As previously mentioned, the test results clearly demonstrate that the alloys of the present invention possess properties comparable to or better than those of alloy C510. This makes these alloys particularly desirable since they will cost less than alloy C510 because of their low mix value. It is believed that the alloys of the present invention will cost about 20% to about 30% less than alloy C510.

EXAMPLE II

The following example was performed to demonstrate the effect of aluminum solute level on the longitudinal tensile and bend formability properties of a copper-aluminum-nickel-magnesium alloy system. The alloys that were investigated are summarized in Table III. The alloys were Durville cast and poured at a temperature in the range of about 1100 C. to about 1150 C. The alloys were then hot rolled to 0.400" after starting at a temperature of 700 C. An eight inch length of plate was cut from the ingot and coil milled to remove surface oxide. The plate was then cold rolled to 0.140", annealed at 525 C. for 2 hours, cold rolled to 0.060" and annealed at 450 C. for 3 hours. Samples of this metal were then further cold rolled 30%, 45%, 60% or 75% and the longitudinal tensile and good way/bad way bend characteristics were determined using standard tests.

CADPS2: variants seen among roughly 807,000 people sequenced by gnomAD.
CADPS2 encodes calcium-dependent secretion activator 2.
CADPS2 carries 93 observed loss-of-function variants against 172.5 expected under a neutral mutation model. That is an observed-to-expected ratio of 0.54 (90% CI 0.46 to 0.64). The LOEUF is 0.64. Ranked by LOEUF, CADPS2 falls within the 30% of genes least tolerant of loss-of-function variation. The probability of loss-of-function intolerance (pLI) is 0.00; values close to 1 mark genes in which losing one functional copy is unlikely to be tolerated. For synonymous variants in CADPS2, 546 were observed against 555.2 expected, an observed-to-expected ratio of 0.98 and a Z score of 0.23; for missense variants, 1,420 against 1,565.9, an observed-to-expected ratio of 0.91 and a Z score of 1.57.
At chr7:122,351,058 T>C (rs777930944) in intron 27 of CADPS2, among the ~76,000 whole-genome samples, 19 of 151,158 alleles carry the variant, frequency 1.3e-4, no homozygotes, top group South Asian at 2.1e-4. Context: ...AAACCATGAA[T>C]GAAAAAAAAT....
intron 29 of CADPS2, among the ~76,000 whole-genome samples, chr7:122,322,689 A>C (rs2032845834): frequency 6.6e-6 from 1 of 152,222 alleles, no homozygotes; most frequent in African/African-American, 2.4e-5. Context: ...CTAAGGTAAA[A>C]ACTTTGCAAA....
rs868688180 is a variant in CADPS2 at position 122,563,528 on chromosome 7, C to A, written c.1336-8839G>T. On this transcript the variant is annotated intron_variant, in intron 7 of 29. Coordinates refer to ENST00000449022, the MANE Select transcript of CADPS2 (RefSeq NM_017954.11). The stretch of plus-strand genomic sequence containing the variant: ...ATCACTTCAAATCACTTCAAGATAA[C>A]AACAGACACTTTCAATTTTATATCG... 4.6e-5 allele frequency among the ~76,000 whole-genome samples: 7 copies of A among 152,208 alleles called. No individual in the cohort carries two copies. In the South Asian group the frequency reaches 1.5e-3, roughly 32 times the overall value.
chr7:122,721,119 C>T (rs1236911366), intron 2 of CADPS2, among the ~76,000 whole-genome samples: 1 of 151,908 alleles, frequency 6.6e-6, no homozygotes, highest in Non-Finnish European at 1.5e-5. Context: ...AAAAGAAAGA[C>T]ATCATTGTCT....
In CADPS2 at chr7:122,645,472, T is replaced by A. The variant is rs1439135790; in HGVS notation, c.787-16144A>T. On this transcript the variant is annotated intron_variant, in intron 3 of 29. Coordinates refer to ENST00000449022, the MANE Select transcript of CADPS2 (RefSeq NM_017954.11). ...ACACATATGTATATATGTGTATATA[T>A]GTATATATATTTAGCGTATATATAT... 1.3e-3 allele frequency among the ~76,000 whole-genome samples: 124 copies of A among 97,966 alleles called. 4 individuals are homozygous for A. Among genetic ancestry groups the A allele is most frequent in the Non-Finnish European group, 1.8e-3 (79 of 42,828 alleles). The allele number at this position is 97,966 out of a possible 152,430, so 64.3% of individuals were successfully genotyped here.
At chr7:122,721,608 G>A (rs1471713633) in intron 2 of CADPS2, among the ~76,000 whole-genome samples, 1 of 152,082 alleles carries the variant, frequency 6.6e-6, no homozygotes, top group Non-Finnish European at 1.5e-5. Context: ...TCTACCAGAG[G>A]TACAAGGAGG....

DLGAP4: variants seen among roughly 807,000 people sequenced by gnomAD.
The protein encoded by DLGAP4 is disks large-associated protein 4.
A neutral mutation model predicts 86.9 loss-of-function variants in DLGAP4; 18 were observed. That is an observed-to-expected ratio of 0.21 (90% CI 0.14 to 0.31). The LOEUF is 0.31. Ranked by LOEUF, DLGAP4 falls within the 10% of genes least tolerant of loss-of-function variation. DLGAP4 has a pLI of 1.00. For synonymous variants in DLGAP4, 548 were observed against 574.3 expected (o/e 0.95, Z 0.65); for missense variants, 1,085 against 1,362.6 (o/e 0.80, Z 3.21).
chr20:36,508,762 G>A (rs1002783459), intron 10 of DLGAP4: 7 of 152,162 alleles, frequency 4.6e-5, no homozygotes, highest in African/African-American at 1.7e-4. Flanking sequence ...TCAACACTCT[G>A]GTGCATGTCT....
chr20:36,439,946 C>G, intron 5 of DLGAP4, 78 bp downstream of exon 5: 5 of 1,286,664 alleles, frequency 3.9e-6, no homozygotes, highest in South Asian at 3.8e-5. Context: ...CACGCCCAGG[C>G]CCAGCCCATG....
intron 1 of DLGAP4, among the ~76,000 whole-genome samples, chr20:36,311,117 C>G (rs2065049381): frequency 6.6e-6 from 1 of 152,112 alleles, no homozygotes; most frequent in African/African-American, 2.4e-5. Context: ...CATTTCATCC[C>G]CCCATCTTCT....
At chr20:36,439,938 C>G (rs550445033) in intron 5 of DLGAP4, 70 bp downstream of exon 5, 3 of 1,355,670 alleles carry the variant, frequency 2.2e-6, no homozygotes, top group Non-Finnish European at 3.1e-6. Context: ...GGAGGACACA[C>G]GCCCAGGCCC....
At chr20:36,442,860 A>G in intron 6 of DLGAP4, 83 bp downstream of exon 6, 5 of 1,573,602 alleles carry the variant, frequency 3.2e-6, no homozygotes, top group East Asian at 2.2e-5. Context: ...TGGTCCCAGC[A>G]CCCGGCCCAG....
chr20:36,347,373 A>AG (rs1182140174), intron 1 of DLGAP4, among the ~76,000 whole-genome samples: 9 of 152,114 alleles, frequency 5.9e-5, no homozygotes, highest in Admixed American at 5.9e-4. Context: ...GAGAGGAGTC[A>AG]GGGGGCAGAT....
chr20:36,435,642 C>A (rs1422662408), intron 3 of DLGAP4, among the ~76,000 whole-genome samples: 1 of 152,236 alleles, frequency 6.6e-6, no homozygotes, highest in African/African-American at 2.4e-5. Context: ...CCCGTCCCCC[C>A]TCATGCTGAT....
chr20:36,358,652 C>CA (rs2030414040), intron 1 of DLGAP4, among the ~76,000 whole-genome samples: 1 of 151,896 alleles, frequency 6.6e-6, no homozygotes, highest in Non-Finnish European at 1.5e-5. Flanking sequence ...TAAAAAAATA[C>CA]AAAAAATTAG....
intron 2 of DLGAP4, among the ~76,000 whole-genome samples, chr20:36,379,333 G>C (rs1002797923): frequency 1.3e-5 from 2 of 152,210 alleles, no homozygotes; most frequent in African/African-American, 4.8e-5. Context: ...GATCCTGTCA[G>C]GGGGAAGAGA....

TABLE III______________________________________  COMPOSITION (wt %)ALLOY    Al      Ni      Mg    Si    Sn    Cu______________________________________A        3.15    0.54    0.20  --    --    bal.B        4.13    0.54    0.19  --    --    bal.C        4.97    0.52    0.20  --    --    bal.D        5.97    0.54    0.19  --    --    bal.E        3.97    0.53    0.19  0.105 --    bal.F        3.93    0.52    0.20  --    0.11  bal.______________________________________

The longitudinal tensile and bend properties of these alloys are given in Table IV. The effect of aluminum level on the longitudinal yield strength versus bad way bend performace of the these alloys is illustrated in FIG. 2.